Abstract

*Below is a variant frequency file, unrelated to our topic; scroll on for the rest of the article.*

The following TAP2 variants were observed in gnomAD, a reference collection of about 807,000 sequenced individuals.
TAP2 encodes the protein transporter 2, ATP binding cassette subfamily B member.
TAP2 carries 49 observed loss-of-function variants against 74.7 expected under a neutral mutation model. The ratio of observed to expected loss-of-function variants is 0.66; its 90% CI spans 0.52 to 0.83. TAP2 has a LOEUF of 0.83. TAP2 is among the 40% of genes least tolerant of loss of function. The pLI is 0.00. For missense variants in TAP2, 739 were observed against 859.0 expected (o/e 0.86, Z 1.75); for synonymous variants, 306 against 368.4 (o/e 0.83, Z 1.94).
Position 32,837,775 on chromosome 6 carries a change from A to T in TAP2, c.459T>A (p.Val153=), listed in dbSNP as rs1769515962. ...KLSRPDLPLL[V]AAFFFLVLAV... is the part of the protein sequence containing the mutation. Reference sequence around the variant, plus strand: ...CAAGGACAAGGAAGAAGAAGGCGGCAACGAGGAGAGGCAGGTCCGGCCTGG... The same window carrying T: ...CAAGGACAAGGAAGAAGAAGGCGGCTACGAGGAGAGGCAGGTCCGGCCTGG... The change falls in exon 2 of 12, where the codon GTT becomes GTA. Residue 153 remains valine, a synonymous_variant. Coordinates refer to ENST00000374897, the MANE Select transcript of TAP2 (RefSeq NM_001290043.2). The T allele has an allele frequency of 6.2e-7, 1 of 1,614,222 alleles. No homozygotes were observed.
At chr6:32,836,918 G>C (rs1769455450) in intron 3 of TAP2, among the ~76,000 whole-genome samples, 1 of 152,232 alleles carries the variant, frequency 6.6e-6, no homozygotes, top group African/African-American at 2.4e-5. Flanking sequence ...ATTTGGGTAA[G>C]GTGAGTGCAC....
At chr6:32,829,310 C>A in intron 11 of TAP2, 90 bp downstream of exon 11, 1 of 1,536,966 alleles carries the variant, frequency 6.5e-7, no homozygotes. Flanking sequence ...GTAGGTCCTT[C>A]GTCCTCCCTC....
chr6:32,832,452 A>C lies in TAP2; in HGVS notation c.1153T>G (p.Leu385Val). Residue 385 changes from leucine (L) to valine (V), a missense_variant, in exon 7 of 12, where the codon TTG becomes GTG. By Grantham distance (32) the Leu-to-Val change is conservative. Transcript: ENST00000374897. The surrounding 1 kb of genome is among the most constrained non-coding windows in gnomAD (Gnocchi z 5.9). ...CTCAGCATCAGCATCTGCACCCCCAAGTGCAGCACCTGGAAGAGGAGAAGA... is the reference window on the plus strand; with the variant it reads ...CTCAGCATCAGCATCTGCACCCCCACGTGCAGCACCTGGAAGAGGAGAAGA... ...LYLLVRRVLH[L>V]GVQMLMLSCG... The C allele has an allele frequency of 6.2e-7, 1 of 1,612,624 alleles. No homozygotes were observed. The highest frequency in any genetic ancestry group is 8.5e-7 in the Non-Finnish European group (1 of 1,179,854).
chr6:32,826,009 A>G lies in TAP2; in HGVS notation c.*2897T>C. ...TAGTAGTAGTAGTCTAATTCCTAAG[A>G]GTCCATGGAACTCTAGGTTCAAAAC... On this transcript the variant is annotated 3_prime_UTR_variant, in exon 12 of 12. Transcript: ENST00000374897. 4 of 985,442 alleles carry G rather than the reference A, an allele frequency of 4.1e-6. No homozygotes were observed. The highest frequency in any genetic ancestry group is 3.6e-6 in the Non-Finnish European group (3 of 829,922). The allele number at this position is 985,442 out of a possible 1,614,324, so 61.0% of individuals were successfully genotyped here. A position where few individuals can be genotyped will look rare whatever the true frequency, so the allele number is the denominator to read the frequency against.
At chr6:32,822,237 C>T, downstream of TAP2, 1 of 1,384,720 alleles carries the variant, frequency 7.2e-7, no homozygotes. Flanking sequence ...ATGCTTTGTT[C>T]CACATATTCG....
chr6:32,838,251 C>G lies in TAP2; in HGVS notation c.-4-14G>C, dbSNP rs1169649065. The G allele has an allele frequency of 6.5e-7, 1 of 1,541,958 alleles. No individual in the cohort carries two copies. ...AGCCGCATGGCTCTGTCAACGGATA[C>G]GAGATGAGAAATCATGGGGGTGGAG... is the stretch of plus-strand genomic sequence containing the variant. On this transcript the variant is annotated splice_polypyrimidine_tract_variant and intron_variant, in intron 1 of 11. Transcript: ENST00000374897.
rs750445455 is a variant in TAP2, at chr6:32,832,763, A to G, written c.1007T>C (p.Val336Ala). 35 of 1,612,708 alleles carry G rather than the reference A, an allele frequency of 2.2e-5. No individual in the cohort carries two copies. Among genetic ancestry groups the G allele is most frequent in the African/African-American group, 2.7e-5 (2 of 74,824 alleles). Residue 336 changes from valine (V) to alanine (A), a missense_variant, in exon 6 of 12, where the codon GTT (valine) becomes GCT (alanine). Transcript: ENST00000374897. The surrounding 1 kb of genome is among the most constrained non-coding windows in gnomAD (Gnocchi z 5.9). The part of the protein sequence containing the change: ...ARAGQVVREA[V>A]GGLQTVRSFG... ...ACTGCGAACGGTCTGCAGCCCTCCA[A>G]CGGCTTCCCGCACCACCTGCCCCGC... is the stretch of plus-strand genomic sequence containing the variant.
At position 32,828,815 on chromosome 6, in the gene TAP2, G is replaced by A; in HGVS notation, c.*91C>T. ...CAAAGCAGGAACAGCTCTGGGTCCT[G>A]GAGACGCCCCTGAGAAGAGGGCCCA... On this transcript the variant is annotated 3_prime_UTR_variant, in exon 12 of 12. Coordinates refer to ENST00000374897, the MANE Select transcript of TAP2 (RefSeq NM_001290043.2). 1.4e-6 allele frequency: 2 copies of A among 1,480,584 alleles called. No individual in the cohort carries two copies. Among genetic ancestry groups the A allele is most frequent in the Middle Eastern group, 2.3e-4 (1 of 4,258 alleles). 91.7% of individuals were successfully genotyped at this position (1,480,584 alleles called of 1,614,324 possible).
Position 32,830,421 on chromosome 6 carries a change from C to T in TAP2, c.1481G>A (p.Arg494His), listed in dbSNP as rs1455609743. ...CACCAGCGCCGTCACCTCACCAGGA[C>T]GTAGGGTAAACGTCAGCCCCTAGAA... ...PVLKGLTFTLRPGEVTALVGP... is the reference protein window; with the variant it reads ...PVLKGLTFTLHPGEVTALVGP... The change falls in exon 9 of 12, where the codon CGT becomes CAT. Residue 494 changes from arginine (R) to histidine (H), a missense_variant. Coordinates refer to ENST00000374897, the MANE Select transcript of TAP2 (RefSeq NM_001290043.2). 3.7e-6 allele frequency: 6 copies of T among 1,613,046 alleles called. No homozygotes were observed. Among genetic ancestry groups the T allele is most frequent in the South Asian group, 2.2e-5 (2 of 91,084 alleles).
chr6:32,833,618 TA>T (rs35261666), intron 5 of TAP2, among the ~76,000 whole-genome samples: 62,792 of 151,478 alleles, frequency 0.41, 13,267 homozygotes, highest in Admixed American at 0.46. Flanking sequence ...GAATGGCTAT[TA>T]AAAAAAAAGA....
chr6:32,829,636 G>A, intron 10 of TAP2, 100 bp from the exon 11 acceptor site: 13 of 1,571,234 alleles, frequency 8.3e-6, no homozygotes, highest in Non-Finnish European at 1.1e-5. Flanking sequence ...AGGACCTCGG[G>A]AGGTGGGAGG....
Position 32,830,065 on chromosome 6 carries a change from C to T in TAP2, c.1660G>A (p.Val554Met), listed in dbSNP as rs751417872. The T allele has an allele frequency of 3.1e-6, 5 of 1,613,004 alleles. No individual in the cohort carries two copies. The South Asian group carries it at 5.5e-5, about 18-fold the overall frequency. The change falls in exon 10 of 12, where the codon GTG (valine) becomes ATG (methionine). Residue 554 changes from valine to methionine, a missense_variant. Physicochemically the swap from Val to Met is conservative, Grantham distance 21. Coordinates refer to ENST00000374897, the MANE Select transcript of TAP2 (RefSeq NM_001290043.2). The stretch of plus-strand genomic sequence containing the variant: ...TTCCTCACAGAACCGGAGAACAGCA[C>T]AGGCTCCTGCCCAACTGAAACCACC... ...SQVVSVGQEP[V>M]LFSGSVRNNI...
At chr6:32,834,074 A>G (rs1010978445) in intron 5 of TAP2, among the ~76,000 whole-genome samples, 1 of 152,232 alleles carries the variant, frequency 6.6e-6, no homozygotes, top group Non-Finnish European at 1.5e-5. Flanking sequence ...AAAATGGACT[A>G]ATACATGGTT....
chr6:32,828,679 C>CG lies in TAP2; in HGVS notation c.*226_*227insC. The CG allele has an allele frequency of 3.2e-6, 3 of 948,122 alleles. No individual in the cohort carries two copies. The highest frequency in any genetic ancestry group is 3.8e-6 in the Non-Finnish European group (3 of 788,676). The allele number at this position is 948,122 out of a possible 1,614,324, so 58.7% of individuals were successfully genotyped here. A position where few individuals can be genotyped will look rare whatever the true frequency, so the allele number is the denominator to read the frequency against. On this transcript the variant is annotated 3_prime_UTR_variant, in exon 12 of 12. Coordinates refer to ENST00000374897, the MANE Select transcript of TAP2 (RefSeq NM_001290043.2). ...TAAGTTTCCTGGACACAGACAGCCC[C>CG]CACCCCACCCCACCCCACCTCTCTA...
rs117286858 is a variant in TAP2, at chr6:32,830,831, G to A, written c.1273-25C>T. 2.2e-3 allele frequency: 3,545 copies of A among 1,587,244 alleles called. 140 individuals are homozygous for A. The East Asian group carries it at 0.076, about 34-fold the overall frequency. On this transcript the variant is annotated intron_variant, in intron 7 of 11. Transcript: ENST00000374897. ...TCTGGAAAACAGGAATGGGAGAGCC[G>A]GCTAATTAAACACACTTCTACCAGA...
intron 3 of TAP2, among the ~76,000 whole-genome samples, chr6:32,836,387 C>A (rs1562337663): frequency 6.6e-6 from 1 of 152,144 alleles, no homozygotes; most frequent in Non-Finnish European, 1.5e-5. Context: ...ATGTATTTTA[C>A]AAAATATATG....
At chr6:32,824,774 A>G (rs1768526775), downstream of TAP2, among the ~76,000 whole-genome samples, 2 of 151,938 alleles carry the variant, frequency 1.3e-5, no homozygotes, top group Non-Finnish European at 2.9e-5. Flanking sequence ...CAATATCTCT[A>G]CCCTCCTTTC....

This paper presents a critical review of microfabric, physical and chemical indices for scaling and predicting weathering-induced changes in rock properties. The common goal of these indices is mainly to condense complexities to numbers that can be plotted against each other and against engineering properties or weathering grades to determine if trends exist. However, a purely statistical evaluation to establish smooth trends in such highly variable properties is deceptive. No single index is valid or remains unaffected over the whole spectrum of weathered states. Combination of indices aimed at determining grade boundaries may also be misleading unless accompanied by detailed descriptions of microfabric and mineralogical observations. The presented index classifications highlight the nature and scope of indices and provide guidance for compatible and complementary combinations. The meaning and adequacy of criteria used in classifications of residual soils and weathered rocks are reexamined from the point of view of the fundamental differences inherent in their microfabric.

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